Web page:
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Email Interception: Good or Bad? 25 July 2000 Edition
Previous Edition

Legislation that will give courts the power to allow police to intercept and monitor email is about to be introduced into parliament and there's the usual hoo-ha going on as to whether this is an infringement of personal rights, etc.

Once side argues that since the courts already have the power to authorise the interception and monitoring of regular mail and phone calls -- why shouldn't email be included. The other side says that it's a massive breach of privacy and the rights of the individual.

My opinion is -- who cares?

Let's face it, the smart criminals, terrorists and others that the state might want to keep an eye on will simply use strong encryption to protect their email. The only people that will be incriminated by having their email intercepted are the those who are so stupid that they deserve to get caught anyway.

However, where such a system will become invaluable is in obtaining evidence to successfully prosecute those who might use the Net for stalking or predating young children. The nature of these communications means that they won't be using encryption anyway.

So, just a word to the courts and the police -- don't expect such powers to provide a bonanza of evidence in cases of hard crime -- it won't. However, at least our women and children may be a little safer from those who sit at their keyboards wearing a PVC raincoat.

What do you think?

Marketing Your Website Part 4
At this stage we should have done all the homework to ensure that our site is set up to be highly ranked on the top five or six search engines -- but just a note -- don't forget to include one or two search engines that are specific to your own geographical region. In New Zealand I'd be sure to include 4 Search NZ because it's the best, plus one or two others such as 4 NZ Pages and 4 Access NZ.

Most search engines take from two to six weeks before a newly added site appears in their database so make a note in your diary to check up at regular intervals and spot when your site appears and how it's ranked.

It's also worth remembering that thousands of new sites are being added every day so although you're ranked right up there today, tomorrow you may get pushed off the first page by new additions. This will require you to review your pages in an attempt to recover your ranking. You should make entries in your diary to check your position at least once a month.

Banner Exchanges
I'm going to mention banner exchanges now because many of the options in this area are such a very bad idea.

Perhaps the most popular of all the banner exchanges is 4 Link Exchange -- and, in my opinion, it's the epitome of everything that's bad about such systems.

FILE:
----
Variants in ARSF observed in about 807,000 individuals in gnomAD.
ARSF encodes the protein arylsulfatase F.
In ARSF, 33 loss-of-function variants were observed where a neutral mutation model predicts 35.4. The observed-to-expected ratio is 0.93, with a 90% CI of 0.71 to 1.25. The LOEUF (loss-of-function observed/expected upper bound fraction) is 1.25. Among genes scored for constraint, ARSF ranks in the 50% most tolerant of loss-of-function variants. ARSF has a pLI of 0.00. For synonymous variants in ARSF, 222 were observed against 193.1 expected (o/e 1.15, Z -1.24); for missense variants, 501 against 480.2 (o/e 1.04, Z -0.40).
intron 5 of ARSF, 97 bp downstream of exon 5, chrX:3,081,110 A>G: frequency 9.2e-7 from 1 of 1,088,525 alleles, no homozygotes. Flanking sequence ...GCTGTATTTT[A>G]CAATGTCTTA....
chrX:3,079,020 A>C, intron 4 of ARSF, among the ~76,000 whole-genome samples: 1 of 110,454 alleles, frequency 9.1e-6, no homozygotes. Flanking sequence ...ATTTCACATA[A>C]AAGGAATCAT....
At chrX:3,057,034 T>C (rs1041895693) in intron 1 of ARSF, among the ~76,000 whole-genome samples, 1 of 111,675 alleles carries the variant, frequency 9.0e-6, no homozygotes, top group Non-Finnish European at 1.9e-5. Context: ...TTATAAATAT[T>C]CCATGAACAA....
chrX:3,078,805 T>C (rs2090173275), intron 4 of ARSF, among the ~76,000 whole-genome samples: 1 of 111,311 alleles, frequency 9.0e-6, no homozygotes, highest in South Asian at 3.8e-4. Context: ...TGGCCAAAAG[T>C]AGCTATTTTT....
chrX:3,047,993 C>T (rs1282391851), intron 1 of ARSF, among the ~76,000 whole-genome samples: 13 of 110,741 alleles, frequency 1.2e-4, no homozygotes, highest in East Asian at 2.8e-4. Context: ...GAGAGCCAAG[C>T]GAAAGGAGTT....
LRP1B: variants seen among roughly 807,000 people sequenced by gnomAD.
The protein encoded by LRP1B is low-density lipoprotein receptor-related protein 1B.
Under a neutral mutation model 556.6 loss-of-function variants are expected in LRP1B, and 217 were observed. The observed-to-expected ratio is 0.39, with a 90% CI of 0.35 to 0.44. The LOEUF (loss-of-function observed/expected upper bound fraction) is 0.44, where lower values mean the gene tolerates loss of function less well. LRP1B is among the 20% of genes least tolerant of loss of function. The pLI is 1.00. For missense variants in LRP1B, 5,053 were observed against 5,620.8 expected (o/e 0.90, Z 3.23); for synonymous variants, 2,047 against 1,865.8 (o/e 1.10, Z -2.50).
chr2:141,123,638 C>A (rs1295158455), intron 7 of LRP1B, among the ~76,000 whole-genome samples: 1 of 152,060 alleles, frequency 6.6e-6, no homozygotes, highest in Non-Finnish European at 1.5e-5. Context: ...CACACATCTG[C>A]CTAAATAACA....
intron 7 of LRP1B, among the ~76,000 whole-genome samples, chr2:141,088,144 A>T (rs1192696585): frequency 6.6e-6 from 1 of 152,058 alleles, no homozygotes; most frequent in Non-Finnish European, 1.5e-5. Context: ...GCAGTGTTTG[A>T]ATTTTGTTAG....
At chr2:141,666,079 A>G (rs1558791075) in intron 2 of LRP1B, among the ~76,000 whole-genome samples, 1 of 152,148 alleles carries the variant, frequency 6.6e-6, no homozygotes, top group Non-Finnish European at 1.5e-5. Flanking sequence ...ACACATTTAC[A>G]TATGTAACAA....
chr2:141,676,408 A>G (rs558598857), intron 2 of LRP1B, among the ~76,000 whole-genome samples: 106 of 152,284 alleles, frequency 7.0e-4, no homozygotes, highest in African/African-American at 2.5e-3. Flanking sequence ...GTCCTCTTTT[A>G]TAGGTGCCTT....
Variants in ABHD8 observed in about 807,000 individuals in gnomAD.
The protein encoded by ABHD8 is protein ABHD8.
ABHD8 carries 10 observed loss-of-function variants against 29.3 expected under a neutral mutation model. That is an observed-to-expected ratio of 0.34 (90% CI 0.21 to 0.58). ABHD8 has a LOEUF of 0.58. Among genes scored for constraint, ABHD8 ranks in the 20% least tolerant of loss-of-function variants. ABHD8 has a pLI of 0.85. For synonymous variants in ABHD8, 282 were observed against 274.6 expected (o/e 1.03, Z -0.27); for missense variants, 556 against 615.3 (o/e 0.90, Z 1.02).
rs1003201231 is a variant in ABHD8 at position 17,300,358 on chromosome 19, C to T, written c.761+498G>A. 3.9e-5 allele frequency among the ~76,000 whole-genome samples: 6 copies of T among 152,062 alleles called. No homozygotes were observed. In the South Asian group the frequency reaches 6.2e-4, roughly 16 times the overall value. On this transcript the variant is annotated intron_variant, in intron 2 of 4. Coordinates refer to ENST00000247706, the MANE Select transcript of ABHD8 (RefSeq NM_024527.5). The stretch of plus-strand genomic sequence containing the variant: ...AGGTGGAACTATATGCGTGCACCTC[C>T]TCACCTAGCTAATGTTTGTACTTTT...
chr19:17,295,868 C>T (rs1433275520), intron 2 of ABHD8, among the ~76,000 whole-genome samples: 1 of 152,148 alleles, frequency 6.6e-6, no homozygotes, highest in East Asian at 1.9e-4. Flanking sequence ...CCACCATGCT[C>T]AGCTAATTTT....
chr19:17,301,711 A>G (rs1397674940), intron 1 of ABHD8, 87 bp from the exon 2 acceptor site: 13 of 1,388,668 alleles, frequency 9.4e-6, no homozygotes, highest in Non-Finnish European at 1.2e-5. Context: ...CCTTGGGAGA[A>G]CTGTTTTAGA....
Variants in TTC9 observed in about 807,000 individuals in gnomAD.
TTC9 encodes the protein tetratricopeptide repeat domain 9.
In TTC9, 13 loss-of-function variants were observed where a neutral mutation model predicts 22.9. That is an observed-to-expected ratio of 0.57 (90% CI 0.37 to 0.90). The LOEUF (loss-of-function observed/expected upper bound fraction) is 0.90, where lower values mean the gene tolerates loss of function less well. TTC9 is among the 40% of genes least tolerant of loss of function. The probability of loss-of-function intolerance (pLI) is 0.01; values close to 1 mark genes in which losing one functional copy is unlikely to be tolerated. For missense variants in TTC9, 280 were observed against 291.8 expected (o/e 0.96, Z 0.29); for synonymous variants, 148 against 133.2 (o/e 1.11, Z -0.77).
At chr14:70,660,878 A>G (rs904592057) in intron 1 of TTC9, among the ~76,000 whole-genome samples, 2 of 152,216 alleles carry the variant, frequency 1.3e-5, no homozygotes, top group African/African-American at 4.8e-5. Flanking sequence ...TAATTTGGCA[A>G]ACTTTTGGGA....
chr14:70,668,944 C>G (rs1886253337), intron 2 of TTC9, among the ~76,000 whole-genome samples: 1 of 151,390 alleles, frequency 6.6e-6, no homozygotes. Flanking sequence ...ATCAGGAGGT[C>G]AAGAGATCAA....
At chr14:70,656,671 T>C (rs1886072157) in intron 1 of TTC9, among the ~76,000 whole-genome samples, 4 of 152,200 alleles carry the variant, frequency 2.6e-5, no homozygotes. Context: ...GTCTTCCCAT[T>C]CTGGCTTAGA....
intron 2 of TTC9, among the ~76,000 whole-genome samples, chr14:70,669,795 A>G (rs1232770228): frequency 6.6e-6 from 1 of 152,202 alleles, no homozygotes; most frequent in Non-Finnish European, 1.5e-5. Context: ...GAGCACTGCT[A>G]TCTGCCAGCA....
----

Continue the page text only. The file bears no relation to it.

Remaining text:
Unfortunately the basic model on which the banner exchange system is based is fatally flawed if you're a new site trying to generate traffic.

The theory behind such systems is that you give piece of your webpage to the exchange network and they display banner ads for other sites in that spot. Each time another site is advertised on your site, you earn a credit that is put towards displaying your banner on other sites. Sounds pretty good doesn't it?

However -- if your site currently has little traffic, the banner network isn't going to be delivering many ads through your pages -- hence you won't be earning many credits towards having your own banner displayed.

What's worse, many, many sites carrying these banners tend to place them in low-value areas of their own site -- such as hidden away at the bottom of a page or, in some cases, on a page that is built solely to display a whole lot of banners from various exchange networks. This means that if your banner is lucky enough to be shown on someone else's site, chances are that it will be completely ignored.

About two years ago I experimented by advertising my 7am.com News Ticker and Java Clock on Link Exchange. I placed a Link Exchange banner on a high traffic area of the 7am.com site which got several thousand visitors a day. Over a period of some six months, the link exchange banner network delivered around 1-2 visitors per day. That means I had to display as many as 2,000 banner ads for the Link Exchange network just to earn a single visitor to my site.

To prove that it wasn't just a really bad banner ad, the same banner placed on the 7am.com front-page achieved a click-through rate of more than 10 percent.

So, in my opinion, banner exchanges do little but make your site look cheap and are best avoided.

Tomorrow I'll discuss two far superior options to banner exchanges -- web rings and complementary linking.

Continued tomorrow...

As always, your feedback is welcomed.

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